By: ELIZABETH KARCHUT
Around 250 people marched from Parliament Hill to the Saudi Arabian embassy on Nov. 18, to peacefully protest alleged human rights abuses against Ethiopian migrant workers in Saudi Arabia.
The protesters say Ethiopian migrant workers in Saudi Arabia are being rounded up and put into concentration camps where they are being tortured, beaten, and raped. Saudi Arabian authorities have been clamping down on illegal migrant workers since early November.
Saudi authorities say they are trying to reduce the 12 per cent unemployment rate among native Saudis, according to reports from BBC News. This has led to the removal of illegal migrant workers from the country.
“The country has the right to hoard illegal immigrants, we’re not saying that they are wrong or anything, but everyone has to be treated like a human being,” said protest co-coordinator, Yodit.
“Saudi Arabia agrees to the UN human rights. The country is on the United Nations Human Rights Council, so if they are doing that they should abide by those rules,” Yodit said.
“As a human being, no one should subject anyone to that kind of treatment,” said Eshete, who took part in the protest.
Ganamo, a member of Ottawa’s Oromo community, an Ethiopian ethnic group, said many of these Ethiopians have been working as migrant workers in Saudi Arabia for several years.
The protesters say they decided to march in Ottawa to raise public awareness and to get the attention of the Canadian government and ambassadors within the Saudi Arabian embassy.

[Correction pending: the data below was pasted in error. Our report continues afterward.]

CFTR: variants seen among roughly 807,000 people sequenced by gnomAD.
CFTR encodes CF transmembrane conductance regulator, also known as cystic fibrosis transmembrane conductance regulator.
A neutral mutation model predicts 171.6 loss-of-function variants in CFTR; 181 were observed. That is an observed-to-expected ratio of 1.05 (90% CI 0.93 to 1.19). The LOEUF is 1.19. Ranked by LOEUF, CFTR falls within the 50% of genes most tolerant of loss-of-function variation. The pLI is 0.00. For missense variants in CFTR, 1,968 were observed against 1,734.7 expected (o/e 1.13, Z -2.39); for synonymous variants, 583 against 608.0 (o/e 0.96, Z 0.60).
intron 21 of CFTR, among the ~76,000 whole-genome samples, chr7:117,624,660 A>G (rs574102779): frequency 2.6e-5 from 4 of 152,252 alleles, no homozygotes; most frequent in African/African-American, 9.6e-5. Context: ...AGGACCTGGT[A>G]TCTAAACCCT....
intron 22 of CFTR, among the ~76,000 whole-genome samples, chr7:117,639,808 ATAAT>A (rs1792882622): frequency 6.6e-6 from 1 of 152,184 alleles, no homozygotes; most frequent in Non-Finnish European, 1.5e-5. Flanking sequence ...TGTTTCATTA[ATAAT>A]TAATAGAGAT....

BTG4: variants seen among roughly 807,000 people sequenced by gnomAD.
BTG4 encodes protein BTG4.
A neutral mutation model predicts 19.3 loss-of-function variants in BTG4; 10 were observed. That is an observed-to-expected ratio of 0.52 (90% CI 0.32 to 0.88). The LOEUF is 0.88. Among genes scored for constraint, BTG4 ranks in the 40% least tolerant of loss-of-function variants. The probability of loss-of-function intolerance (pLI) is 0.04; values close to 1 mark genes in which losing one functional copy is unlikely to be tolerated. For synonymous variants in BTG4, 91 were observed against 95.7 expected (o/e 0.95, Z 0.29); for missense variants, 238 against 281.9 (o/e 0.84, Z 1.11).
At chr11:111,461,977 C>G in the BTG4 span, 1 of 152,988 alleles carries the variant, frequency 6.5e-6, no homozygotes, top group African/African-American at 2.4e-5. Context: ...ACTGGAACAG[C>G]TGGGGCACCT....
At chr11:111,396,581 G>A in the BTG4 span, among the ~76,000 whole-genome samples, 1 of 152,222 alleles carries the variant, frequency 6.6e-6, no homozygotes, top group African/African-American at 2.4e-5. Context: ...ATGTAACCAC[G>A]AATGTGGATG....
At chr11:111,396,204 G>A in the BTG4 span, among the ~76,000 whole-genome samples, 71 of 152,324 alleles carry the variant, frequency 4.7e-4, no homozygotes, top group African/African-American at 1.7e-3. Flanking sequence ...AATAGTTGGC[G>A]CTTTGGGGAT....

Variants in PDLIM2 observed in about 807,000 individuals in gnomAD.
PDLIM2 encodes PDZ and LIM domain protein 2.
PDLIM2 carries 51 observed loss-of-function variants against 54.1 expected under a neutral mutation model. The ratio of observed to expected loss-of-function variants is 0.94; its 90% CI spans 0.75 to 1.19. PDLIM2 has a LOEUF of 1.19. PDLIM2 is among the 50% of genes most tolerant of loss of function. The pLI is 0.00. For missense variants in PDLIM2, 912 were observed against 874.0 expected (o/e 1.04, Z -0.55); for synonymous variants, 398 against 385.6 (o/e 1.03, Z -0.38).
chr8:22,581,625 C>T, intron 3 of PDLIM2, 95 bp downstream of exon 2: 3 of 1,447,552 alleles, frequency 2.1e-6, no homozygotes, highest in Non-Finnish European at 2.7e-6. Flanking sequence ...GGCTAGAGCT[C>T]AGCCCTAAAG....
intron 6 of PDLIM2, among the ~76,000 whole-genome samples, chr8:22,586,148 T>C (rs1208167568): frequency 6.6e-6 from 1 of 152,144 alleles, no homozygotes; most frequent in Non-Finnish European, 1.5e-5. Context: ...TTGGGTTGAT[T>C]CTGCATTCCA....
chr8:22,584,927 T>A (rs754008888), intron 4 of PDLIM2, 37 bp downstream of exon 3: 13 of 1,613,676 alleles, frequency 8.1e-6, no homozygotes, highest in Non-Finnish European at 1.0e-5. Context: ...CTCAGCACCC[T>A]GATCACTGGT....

“We just want people to be aware of the violence that is happening in Saudi Arabia and we want it to stop,” says Hiwot, a supporter of the protest.
Ganamo said the issue affects more than just the Ethiopian community, and that Canada should denounce the human rights violations happening in Saudi Arabia.
“[There are] other ethnic groups, other migrant workers who are from other countries who are residing in Saudi Arabia. This should be an international issue,” Ganamo said.
“Canada has always respected human rights. I don’t think Canada really should just sit back and watch, because when a human rights issue comes along, Canada really has a great role to play.”
Demonstrations erupted across North American and Europe last week in protest of the abuse.
Saudi police clashed with workers in early November after authorities began rounding up migrant workers who failed to provide proper work permits. More than 16, 000 Ethiopian migrant workers have been repatriated, according to Al Jazeera America.